Canning Town charity launches campaign to help cut crime
Parents should not be afraid to discipline their children at home if it helps reduce Newham’s crime levels, according to a charity leader.
The most recent police figures for 2011 saw a fall in overall offences in the borough last year.
But robberies increased to more than 2,400 while incidents of violence against the person made up the largest proportion of offences.
In response, the Centre for Development and Community Welfare (CedCoW), in Canning Town, is to start its own crime reduction campaign.
It believes this is a problem that disproportionately affects Newham’s black and ethnic minority population.
You may also want to watch:
Director Columbus Ndeloa said: “We believe that charity begins at home.
“When we do projects in the community, one of the issues that crops up is how people are worried about crime.
- 1 Police appeal for help after woman raped in Beckton
- 2 Footage shows crowd piling onto train at Canning Town station
- 3 Forest Gate man, 21, charged with dangerous and drug driving
- 4 NHS Nightingale London opens to patients without Covid-19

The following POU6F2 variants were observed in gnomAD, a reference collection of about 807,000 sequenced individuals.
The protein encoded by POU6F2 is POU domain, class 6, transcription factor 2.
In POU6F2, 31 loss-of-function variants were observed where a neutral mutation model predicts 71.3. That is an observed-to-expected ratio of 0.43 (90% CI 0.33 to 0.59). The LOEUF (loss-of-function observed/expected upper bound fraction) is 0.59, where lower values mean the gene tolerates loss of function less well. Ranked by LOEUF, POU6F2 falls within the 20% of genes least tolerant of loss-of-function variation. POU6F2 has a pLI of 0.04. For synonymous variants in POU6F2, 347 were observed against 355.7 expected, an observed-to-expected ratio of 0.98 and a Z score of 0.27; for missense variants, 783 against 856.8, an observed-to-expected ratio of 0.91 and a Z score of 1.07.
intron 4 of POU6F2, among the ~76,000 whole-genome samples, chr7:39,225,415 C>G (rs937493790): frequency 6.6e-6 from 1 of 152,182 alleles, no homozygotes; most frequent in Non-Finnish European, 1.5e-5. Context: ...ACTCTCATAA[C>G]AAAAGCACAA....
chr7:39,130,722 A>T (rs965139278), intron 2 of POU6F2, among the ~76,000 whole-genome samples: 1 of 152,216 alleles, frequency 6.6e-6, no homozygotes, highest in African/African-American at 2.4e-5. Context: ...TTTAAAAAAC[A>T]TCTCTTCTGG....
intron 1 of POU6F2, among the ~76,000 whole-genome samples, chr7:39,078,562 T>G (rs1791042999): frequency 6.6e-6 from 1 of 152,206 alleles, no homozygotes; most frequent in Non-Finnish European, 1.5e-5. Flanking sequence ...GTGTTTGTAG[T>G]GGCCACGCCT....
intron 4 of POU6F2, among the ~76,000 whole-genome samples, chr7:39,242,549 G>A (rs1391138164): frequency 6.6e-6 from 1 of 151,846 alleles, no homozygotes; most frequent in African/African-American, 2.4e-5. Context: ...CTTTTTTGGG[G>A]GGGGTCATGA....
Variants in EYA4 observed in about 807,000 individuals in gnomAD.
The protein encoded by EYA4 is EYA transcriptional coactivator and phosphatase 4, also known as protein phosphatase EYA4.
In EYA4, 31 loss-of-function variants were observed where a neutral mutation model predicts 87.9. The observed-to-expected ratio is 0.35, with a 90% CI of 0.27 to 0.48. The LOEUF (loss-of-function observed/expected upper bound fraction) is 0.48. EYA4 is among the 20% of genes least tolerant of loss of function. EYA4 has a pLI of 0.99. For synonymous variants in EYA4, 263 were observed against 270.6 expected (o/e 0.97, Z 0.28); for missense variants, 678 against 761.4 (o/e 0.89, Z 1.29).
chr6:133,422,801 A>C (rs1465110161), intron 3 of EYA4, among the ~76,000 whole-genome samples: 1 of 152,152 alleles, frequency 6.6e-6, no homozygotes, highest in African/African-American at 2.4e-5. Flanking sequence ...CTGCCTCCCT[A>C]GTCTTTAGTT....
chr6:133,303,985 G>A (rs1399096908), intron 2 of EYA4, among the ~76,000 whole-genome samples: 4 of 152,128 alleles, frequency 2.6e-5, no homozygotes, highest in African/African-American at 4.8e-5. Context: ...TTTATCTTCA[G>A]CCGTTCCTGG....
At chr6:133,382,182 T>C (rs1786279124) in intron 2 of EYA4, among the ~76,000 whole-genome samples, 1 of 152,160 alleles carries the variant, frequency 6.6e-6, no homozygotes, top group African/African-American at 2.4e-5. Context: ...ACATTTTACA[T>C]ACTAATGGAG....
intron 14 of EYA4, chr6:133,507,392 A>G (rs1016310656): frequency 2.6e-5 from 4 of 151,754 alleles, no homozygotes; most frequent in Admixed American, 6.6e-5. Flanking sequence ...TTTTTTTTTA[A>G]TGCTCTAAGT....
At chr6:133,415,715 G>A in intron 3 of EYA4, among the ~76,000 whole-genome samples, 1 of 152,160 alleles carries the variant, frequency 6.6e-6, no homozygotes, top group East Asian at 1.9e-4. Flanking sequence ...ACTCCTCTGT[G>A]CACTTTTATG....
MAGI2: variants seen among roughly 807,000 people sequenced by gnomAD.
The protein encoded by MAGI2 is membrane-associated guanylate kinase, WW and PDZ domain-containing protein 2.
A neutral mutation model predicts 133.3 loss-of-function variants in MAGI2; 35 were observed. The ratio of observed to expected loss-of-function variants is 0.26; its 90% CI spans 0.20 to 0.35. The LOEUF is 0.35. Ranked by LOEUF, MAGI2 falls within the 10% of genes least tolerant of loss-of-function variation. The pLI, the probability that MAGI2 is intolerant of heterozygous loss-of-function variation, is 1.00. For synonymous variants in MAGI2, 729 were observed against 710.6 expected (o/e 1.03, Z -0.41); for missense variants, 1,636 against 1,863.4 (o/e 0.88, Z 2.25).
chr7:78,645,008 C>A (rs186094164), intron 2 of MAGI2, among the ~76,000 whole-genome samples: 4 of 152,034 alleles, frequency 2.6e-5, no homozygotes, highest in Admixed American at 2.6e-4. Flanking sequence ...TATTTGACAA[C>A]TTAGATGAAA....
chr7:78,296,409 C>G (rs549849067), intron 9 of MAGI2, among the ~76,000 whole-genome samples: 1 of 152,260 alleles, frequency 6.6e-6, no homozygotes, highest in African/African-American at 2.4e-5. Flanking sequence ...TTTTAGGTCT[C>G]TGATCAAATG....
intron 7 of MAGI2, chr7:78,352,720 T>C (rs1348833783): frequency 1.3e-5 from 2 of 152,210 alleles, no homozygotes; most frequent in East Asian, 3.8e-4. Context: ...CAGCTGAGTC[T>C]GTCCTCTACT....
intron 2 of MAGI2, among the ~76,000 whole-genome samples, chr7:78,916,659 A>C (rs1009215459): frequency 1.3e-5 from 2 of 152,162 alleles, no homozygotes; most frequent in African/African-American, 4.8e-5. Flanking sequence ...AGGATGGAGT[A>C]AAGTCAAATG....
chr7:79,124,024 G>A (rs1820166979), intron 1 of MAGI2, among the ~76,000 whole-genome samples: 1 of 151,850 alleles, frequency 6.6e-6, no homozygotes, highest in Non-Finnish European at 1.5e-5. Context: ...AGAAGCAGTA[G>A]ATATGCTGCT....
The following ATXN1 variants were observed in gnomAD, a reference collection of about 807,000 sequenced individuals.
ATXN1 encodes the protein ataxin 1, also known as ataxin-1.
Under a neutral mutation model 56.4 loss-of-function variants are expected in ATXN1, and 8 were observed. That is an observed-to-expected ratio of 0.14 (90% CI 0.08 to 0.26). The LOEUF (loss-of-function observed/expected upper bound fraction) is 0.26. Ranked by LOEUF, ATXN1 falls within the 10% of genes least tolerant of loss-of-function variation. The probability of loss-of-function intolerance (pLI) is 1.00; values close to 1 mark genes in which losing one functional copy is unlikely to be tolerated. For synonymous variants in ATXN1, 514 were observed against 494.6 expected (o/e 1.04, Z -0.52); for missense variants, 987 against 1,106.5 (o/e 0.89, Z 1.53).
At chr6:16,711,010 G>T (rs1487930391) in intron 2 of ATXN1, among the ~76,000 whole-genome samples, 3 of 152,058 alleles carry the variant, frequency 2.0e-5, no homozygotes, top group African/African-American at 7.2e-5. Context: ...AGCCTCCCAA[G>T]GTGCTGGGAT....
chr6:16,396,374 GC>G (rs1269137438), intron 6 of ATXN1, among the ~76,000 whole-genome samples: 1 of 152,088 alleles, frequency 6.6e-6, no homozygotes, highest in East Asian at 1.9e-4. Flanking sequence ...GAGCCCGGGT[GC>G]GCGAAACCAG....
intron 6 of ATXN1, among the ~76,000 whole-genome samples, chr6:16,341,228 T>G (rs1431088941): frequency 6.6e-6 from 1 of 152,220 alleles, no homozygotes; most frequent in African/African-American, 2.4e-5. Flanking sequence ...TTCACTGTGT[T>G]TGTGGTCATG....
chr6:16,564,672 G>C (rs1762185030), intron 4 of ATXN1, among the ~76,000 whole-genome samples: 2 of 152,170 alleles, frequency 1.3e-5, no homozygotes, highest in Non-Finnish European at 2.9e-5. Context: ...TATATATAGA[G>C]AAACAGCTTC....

- 5 NHS 'concerned' about Covid vaccine uptake in Newham
- 6 Serial fraudster who set up fake real estate company jailed for six years
- 7 Newham's Covid-19 case rate 'huge' but there is 'light at end of the tunnel'
- 8 Half of people in Newham may have had Covid-19, analysis reveals
- 9 Dangerous driver arrested after police find drugs and £28k cash
- 10 'Kindly keep out of Stratford': Johnson criticised over cycling trip
“We think that parents should be empowered to look at much more effective ways of disciplining their children. “Some control in the home can prevent the child or young person taking the wrong path.”
CedCoW was set up to help African immigrants integrate into the UK. It has offices in Gambia, Sierra Leone, and Cameroon.
Its programmes include raising awareness of poverty and human rights offences in Africa.
Mr Ndeloa noted that there were failures to communicate between young people and the police.
“We want to help bridge that gap between police and the black community,” he added. “There are issues of belonging and self-confidence.
“But we believe crime can be reduced when the community plays a part.”
The campaign will be launched at the charity’s headquarters at the St Luke’s Business Centre in Tarling Road, Canning Town. Contact 0207 366 6343.